The problem with written warranties is that you need to fully understand what they say. Manufacturers are careful to only warrant what they directly control. Also, the scope of one manufacturer’s warranty may differ significantly from that of another manufacturer even though their products or systems may otherwise be similar and meet the project’s specified requirements; accordingly, it is incumbent on the design professional to clearly (and realistically) define warranty requirements and subsequently review submitted them with care to ensure the warranty provisions fully comply with them.
What about “guarantees?” How is a guarantee different from a warranty? A guarantee is generally synonymous with a warranty; the difference is a guarantee is more akin to a surety bond, wherein someone makes a promise to be responsible for another’s debts or obligations.
Class Limitations Periods in Oregon
Doug touched upon time limits on claims, which are important to be aware of under different circumstances.
A statute of repose is intended to bar actions after a specified period has run from completion of a project. In Oregon, this period runs for 10 years for public projects, and 6 years for commercial projects.
A statute of limitations differs from a statute of repose by being triggered by an “injury” or claim for damages. The time limits vary depending upon the nature of the claim. They are 6 years for breach of contract, 4 years for product liability, 2 years for upon disclosure of negligence, and 2 years from the date of discovery for design defects.
If I understand correctly, this means a plaintiff can file a claim for, say, faulty construction within four years of identifying the problem if the statute of repose has not already been exceeded.
As I suggested earlier, I find construction insurance, surety bonds, and warranties to be complex, nuanced, and confusing subjects. I hope I have conveyed the gist of the presentation by Doug and Rob with as much fidelity and with as few inaccuracies as possible. Big thanks to the both experts for taking on a considerable challenge with good humor, grace, and effectiveness.
Big thanks too to Jeremy Moritz of the Eugene Builders Exchange for making the EBE available as our venue for the evening. Jeremy sees great things in the future for the Builders Exchange, even as the nature of construction information management is in great flux. I agree, and hope to see the relationship between EBE and CSI Willamette Valley Chapter flourish in the future.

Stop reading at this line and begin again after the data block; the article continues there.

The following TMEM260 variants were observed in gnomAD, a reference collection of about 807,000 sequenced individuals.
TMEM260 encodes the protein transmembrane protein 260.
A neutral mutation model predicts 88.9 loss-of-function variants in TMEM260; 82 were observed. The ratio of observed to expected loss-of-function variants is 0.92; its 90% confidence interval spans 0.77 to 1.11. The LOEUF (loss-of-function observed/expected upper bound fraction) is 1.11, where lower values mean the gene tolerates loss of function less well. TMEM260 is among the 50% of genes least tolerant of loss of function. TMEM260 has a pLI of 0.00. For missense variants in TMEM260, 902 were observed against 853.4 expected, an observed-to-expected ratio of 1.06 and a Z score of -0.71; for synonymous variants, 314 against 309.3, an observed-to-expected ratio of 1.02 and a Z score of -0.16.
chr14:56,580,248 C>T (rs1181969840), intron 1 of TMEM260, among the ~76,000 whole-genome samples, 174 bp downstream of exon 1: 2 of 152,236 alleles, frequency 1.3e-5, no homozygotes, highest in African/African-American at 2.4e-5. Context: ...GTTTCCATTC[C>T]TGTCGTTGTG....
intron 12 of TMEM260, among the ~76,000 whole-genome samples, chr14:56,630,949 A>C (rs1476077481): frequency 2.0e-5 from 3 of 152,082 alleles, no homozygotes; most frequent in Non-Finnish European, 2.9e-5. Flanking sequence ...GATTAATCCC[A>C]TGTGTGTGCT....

Saturday, March 18, 2017
the Willamette Valley Chapter of the Construction Specifications Institute on Thursday,
March 30, 2017 for what promises to be an essential educational seminar on fall
protection for new and existing buildings.
Attend the seminar and you will learn:
- About fall protection regulations for construction and general industry
- About temporary and permanently installed devices available for fall protection and fall restraint
- About procedures for designing fall protection systems
- How to design skylights and retrofit existing skylights for fall protection
- To recognize potential difficulties with retrofitting existing buildings with fall protection systems
- Larry Fipps - Senior Safety Consultant, Oregon OSHA
- Charlie Garcia - Engineered Solution Specialist, Guardian Fall Protection
- Jody Moore - DeaMor Associates
- Tom Jordan - Senior Project Manager, Ausland Group
- Mack Landreth - Owner, Smith Sheet Metal
A thorough understanding of fall protection (elimination, prevention, or arrest) is invaluable for everyone involved with the design, construction, or maintenance of buildings where there may be a risk associated with working at height. According to the U.S. Department of Labor, falls account for 8% of all work-related trauma injuries leading to death. Undoubtedly, the number of workers whose lives are temporarily or permanently impacted by fall-related injuries are even more significant.
This is your chance to learn about fall protection regulations for new and exiting buildings, for construction and maintenance, from a panel of industry experts! Your clients look to you for solid advice; equip yourself with the facts. Don't miss this seminar. Here are the details: